Northeast corporations partner with NEMS to tutor students


Major corporations like Honeywell and General Mills are not usually recognized for being active partners in education.  Although corporations donate generous amounts to schools each year, you don’t hear about any direct relationships with a particular school. It’s a hands-off kind of support. But in Northeast Minneapolis, three corporations have been participating in a remarkable tutoring partnership with Northeast Middle School (NEMS).

Each winter, Honeywell, Graco, and General Mills provide one-on-one tutoring every

Tuesday, Wednesday and Thursday to interested Northeast Middle School students. Students are bused directly from their home to corporate offices, all of which are located in Northeast Minneapolis.   There, the student receives a breakfast and one-on-one tutoring in either math or reading with an employee volunteer. After the tutoring session, they are bused to Northeast Middle School to begin their regular school day.  The cost of bus transportation each week, breakfast, and the volunteer tutor’s time is paid by each company.

FULL DISCLOSURE: The writer is a Northeast Middle School parent of a participant in the program.

According to Shelley Ignatowicz, volunteer coordinator at the school, NEMS has the longest running tutoring program in the MPS district operating since 1998. She said that the main goal of the program is to improve test scores for the MCA. And that goal seems to be working.   Each year, students not only pass but scores are improved.

Ignatowicz said that of the 33 students who participated in the 2011-2012 tutoring program, 16 increased their test scores by 1-9 points. Another eight improved their math or reading scores. While the remaining students did not increase their scores, they still made a year’s growth.

Students enjoy the voluntary program so much that Ignatowicz has no problem filling the available spots each year.

One student commented that, “My tutors at Graco help me to understand stuff that I did not know.”

Another said, “The tutors at Honeywell are nice and they teach me how to do math in other ways. It helps me to get it.”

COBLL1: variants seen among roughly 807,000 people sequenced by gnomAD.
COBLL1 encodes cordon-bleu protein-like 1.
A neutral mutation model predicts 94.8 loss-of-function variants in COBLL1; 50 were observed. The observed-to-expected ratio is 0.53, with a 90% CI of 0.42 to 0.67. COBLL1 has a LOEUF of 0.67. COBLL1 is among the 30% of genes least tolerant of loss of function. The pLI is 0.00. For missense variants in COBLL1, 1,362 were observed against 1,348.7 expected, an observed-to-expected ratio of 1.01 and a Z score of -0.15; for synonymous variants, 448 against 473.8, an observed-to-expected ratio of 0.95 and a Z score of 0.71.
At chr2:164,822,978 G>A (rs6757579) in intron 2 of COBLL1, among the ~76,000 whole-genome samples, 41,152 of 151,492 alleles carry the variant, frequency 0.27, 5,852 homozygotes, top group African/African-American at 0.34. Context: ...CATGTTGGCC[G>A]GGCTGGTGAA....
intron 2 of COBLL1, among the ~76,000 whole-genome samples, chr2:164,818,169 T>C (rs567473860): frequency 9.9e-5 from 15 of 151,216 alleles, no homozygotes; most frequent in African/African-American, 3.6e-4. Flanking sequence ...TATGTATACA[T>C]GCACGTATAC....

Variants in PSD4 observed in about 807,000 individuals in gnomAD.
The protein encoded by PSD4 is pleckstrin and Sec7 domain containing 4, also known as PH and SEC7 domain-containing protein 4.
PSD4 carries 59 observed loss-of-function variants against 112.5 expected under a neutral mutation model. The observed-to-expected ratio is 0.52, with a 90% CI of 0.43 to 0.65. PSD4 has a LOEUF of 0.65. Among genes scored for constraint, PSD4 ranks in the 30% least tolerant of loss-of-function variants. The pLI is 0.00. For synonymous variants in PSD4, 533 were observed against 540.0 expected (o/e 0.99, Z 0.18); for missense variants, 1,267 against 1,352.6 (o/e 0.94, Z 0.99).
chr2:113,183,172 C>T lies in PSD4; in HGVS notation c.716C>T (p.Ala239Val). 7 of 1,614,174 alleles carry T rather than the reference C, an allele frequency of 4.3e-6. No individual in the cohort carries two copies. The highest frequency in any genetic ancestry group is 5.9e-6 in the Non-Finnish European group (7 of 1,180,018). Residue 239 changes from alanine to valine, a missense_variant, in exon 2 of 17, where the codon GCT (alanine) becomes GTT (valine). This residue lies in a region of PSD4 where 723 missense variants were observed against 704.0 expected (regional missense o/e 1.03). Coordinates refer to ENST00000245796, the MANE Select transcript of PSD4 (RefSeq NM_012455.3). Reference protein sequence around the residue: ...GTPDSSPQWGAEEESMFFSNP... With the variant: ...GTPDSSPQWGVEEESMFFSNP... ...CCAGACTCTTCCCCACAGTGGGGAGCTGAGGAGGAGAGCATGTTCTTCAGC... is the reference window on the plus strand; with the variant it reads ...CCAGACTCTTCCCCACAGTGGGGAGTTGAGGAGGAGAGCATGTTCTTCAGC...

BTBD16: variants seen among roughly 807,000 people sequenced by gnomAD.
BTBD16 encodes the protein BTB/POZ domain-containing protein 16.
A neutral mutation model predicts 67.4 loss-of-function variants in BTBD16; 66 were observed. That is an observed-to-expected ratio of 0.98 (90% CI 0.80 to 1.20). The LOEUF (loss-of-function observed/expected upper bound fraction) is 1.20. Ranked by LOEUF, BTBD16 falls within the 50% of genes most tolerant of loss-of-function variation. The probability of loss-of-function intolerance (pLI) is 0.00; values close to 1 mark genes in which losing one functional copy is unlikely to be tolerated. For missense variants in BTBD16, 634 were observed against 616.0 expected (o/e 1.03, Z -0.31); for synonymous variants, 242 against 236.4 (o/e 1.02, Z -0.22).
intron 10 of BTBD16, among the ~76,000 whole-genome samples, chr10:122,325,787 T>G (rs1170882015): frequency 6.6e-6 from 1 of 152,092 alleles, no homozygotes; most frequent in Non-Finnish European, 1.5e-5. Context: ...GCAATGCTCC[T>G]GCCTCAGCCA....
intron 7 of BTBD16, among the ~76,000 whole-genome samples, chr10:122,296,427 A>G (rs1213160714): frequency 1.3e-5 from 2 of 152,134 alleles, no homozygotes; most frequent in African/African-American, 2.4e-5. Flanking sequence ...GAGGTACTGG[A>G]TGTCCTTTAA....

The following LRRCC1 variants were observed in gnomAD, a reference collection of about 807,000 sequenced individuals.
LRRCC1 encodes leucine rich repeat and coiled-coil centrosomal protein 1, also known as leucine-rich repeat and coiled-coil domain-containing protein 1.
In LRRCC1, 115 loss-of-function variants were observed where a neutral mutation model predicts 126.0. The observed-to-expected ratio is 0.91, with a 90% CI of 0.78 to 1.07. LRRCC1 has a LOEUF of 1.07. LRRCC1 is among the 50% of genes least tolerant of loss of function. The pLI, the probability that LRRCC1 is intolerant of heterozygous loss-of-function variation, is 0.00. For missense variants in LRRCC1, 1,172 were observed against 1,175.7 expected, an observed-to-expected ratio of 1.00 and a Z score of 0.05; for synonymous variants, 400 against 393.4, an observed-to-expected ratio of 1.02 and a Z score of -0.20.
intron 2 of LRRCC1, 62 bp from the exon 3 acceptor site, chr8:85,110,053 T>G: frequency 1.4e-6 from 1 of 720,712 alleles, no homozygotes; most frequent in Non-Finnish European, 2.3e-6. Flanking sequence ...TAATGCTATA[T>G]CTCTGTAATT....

Both students had participated in the program for two years. Ignatowicz also said that more than one student has told her that his/her tutor was able to explain a problem that he/she was unable to understand before. 


Unanswered questions

The NEMS tutoring program seems like a good resource for students. Some of the questions that still remain:

How many other Minneapolis schools have similar programs?

How many schools have volunteer coordinators?

What would it take for other schools to partner with area corporations and businesses for other programs like this to occur?

Because the tutoring occurs before school, students need to be willing to get up early to attend the sessions. But that doesn’t seem to matter because some are willing to participate more than one year in the program.

Honeywell was the first to sign on with the program and continues to be a longstanding supporter.

Shoshana Leon, community relations manager at Honeywell Aerospace said of the program: “Honeywell has a strong focus on inspiring the next generation of scientists and engineers. Honeywell is a longtime supporter of science and math education activities in our local communities, and our relationship with Northeast Middle School is a great example.”

Ignatowicz added that besides the tutoring partnership, these companies often contribute in other ways as well. One year when NEMS held a clothing drive, Honeywell produced two carloads of clothing.

An indirect benefit for the students is an opportunity to learn about different careers in a real work environment. Graco gives demonstrations, such as how water can cut metal.  General Mills shows how muffins and pancakes are made. A highlight of Honeywell’s program is the window tour of the factory. Students can see the electronic devices in operation.

Ian Perkins, lead tutor at Honeywell said that the kids at first don’t believe them when they show that some of the equipment they make is actually on Mars.

Kristi Lee, manager of the Graco foundation, said that Graco has always supported schools, including the first robotics program at Edison High School, but the relationship isn’t the same.

“Tutoring is a great way to give back and an opportunity for Graco to be personally involved. It’s different from writing a check.  Kids come to them and employees are able to establish a relationship. It’s a one on one relationship. We love this program,” she said.

Besides improved test scores, students gain a real sense of how important math and reading skills are in the workplace.

Honeywell tutor Katie Jacques said that when she sees something click in a student’s eyes, “it is self-gratifying and empowering for me. They are really learning and can apply it and added,  “I like to learn. They are teaching us as well –how we can reach out and connect with each other.”

RJ Strand, who has been tutoring at Honeywell for two years, said, “it’s fun to put myself back into their shoes and to help them see what is not making sense.”

According to Perkins, it sometimes even keeps them on their toes.

“They say thank you sincerely when they leave.  That’s the moment. They are benefiting from being here,” Jacques said.

At the end of the year, Ignatowicz brings all the tutors, students and parents together to recognize the students’ achievements and to endorse a program that is successful because of the efforts of several people coming together for a common goal.

Strand added that it is the kids who should be recognized for their effort as well.

“They all want to be here.  All have good attitudes. They are willing to wake up so early voluntarily and to do more than what’s expected.”